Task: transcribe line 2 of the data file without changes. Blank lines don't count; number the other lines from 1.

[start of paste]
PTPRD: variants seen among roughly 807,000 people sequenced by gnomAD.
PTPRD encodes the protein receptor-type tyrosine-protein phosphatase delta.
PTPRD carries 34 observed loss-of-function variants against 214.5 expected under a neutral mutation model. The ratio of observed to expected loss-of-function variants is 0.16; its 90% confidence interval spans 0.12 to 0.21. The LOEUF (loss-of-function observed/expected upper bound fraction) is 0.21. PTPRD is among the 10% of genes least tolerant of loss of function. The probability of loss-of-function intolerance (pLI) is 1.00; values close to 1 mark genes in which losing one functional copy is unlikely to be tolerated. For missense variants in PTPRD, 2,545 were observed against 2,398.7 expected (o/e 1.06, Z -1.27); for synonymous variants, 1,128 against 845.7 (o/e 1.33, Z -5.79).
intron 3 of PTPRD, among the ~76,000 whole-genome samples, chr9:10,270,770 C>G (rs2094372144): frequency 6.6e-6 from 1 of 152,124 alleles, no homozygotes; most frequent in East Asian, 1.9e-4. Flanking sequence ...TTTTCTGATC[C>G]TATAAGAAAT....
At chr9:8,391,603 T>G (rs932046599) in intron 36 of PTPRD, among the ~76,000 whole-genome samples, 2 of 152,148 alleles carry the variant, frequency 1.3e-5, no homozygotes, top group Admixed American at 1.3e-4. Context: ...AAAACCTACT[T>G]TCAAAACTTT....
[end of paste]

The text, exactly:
PTPRD encodes the protein receptor-type tyrosine-protein phosphatase delta.